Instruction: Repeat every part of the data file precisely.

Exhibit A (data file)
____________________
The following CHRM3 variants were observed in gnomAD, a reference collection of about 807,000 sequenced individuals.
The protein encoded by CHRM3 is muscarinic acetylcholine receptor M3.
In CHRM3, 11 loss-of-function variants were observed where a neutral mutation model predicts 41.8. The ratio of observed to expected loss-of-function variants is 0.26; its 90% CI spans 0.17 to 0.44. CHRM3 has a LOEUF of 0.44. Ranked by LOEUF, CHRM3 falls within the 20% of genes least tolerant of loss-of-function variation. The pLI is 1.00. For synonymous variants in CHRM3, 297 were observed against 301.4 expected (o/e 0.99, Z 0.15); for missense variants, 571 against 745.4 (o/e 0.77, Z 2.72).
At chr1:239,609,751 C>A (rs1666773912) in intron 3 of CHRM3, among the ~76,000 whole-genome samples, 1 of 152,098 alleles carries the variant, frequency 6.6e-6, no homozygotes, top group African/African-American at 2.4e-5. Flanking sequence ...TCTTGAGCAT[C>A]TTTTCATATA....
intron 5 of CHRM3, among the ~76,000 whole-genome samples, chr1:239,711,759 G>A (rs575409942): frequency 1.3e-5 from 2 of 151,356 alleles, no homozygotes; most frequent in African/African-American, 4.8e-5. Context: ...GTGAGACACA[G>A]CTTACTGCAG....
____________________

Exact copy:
The following CHRM3 variants were observed in gnomAD, a reference collection of about 807,000 sequenced individuals.
The protein encoded by CHRM3 is muscarinic acetylcholine receptor M3.
In CHRM3, 11 loss-of-function variants were observed where a neutral mutation model predicts 41.8. The ratio of observed to expected loss-of-function variants is 0.26; its 90% CI spans 0.17 to 0.44. CHRM3 has a LOEUF of 0.44. Ranked by LOEUF, CHRM3 falls within the 20% of genes least tolerant of loss-of-function variation. The pLI is 1.00. For synonymous variants in CHRM3, 297 were observed against 301.4 expected (o/e 0.99, Z 0.15); for missense variants, 571 against 745.4 (o/e 0.77, Z 2.72).
At chr1:239,609,751 C>A (rs1666773912) in intron 3 of CHRM3, among the ~76,000 whole-genome samples, 1 of 152,098 alleles carries the variant, frequency 6.6e-6, no homozygotes, top group African/African-American at 2.4e-5. Flanking sequence ...TCTTGAGCAT[C>A]TTTTCATATA....
intron 5 of CHRM3, among the ~76,000 whole-genome samples, chr1:239,711,759 G>A (rs575409942): frequency 1.3e-5 from 2 of 151,356 alleles, no homozygotes; most frequent in African/African-American, 4.8e-5. Context: ...GTGAGACACA[G>A]CTTACTGCAG....